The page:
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tv   News  Al Jazeera  February 3, 2016 11:00am-11:31am EST

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syrian opposition fighters prepare to defend aleppo, as government forces make a break through north of the city. ♪ hello from me, david foster, you are watching al jazeera live from london. three palestinians are shot dead after a policewoman is killed in a gun attack in jerusalem. suspicious cargo, why japan is putting its military on alert over a north korean satellite launch. and questions in congress about the u.s. water con
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testimony nation scandal as lead is found in another town's supply. ♪ hello there. syrian government forces have recaptured two towns in the north of the country, all part of a major offensive around aleppo that has seen syria's military tightening its grip on the region, capturing a number of strategically important sites. they are trying to cut rebel supply lines to aleppo, syria's second-biggest city, and also those supply lines to the turkish border. with support of russian air strikes they have captured two areas. now they have broken through rebel-held territory north of aleppo to reach pro-government villages. all part of a wider objective by the syrian military to cut off rebel fighters in the north and prevent reinforcements from getting through. zana hoda joins us live now from
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the turkish city near the bother with syria. i guess about 75, 80 kilometers from where all of this is happening. what are you hearing? >> reporter: they are reporting that government troops along with their allies on the ground have reached two towns that are predominantly shiite pro-government towns. they managed to cut through rebel-held territory in the northern province of aleppo. this is undoubtedly a strategic win for the government. this offensive was launched approximately 48 hours ago. they used heavy fire power. they were backed by russian air strikes. and we managed to speak to opposition commanders on the ground, and they were not confident they would be able to repel the advance. now the government has reached
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this loyalists towns. they have lifted the siege, and at the same time, the objective of this operation, like you mentioned was to sever the supply lines from turkey. so right now, opposition-controlled districts in aleppo city, further south are now encircles. they are cut off, and the rebel supply line from the city to the turkish border has been cut off. >> aleppo is one of the places where the fighting has been at its most intense for years now. and there was a suggestion that if it fell once again to government forces, this would be one of the most important blows for the assad regime that there has been since the war began. >> reporter: well, yes, this is a strategic battlefield gain. aleppo city has been a divided city for more than three years now. but the aleppo countryside, in the northern areas of syria, bordering turkey, it was the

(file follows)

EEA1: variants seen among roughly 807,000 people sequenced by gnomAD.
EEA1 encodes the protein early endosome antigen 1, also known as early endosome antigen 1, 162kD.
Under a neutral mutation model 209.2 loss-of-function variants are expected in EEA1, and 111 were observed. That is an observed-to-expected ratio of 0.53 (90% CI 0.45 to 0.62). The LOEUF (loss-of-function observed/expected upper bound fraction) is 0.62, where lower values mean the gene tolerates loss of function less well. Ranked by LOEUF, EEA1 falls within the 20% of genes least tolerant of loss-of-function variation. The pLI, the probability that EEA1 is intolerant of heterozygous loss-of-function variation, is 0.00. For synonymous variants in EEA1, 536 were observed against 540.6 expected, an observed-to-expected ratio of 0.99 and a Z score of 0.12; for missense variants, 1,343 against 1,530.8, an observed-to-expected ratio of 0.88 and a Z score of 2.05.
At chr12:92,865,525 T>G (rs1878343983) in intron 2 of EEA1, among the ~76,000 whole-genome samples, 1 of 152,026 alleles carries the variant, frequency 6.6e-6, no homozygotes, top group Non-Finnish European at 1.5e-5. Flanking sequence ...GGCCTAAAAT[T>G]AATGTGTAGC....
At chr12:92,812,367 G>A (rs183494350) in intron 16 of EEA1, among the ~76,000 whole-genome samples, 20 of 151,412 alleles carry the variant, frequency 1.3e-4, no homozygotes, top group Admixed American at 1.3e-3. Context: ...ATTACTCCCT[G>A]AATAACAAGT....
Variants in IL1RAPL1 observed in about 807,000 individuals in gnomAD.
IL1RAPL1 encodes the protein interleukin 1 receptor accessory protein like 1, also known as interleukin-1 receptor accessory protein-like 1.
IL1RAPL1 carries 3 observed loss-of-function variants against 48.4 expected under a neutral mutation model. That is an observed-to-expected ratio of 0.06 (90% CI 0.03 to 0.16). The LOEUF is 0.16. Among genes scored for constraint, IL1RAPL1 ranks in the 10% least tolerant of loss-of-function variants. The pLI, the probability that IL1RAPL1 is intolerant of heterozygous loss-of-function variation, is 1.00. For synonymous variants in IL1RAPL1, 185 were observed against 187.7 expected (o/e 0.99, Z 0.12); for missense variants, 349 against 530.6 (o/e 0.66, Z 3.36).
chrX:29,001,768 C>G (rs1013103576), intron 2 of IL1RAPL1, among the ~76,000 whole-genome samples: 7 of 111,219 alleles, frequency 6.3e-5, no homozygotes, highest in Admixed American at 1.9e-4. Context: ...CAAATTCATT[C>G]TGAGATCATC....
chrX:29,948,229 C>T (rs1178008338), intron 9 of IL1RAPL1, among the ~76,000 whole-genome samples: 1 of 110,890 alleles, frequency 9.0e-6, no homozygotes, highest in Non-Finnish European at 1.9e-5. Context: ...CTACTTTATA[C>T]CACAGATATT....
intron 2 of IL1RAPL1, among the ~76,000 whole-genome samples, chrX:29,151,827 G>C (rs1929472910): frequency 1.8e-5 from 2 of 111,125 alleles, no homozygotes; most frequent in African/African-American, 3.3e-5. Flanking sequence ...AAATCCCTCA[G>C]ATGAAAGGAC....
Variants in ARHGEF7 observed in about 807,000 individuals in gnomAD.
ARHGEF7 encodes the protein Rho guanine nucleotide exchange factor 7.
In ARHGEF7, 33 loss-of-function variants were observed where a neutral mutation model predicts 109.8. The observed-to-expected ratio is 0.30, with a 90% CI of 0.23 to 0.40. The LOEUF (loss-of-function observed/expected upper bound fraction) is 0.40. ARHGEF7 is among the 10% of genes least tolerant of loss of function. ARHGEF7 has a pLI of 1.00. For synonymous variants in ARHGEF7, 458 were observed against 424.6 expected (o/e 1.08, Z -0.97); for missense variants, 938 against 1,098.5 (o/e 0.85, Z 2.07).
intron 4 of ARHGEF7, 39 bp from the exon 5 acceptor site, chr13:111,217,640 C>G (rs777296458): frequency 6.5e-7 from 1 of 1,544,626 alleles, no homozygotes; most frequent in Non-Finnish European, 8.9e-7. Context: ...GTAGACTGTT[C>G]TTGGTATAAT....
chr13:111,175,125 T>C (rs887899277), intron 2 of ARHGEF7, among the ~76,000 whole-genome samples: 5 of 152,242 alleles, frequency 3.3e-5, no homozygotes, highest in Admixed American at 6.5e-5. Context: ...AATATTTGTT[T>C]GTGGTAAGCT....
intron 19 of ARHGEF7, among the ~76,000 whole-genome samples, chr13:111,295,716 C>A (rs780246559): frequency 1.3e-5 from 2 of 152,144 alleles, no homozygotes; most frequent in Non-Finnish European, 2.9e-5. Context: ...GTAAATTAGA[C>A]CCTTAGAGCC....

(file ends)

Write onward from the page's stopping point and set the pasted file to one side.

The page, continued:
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opposition strong hold, but that is now changing. what is important to note is that in the aleppo province that is the last-remaining strong hold for what the international community calls moderate groups. and they were trying -- they were making really their last stand, and we spoke to an fsa commander who said this is the only lifeline we have. this is the only border crossing we control. the opposition controls two border crossings. the other is controlled by groups like the al-qaeda linked al-nusra front, and what the government and the russian backers have been trying to do is weaken the so-called moderate opposition, and they have done that over recent weeks. undoubtedly even the government and the opposition, they have always said the battle for aleppo will be the mother of all battles. this is about capturing syrias
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north. >> zana thank you. the opposition says they are considering pulling out of peace talks in geneva. my colleague is here with the latest. >> reporter: david there is still talks going on two the u.n. special enva for syria, and the hnc. those are taking place at the president wilson hotel where the opposition delegation is staying. the head flew into geneva a few hours ago, so he could be part of the discussions. there is a sense of real frustration and building anger amongst those hnc members. one said earlier in the day that right now russia isn't just bombing aleppo, they are also bombing the geneva syrian talks. really the opposition feels as
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though the russians and the syrian regime have completely undermined them. they have not met any of the conditions they needed to meet. the talks have come to a complete stand still. we don't know if there will be anymore official meetings. frankly the syrian regime and the syrian opposition have maintained that these talks have not officially started. earlier in the day we heard from the head of the syrian regime delegation here in geneva. let's take a listen to some of what he had to say to reporters earlier today. >> we will stay as long as it is required by the formalities and the organizational matters, because we are still mainly speaking with the organizational matters. we don't know who will be our interlocutories, we do not know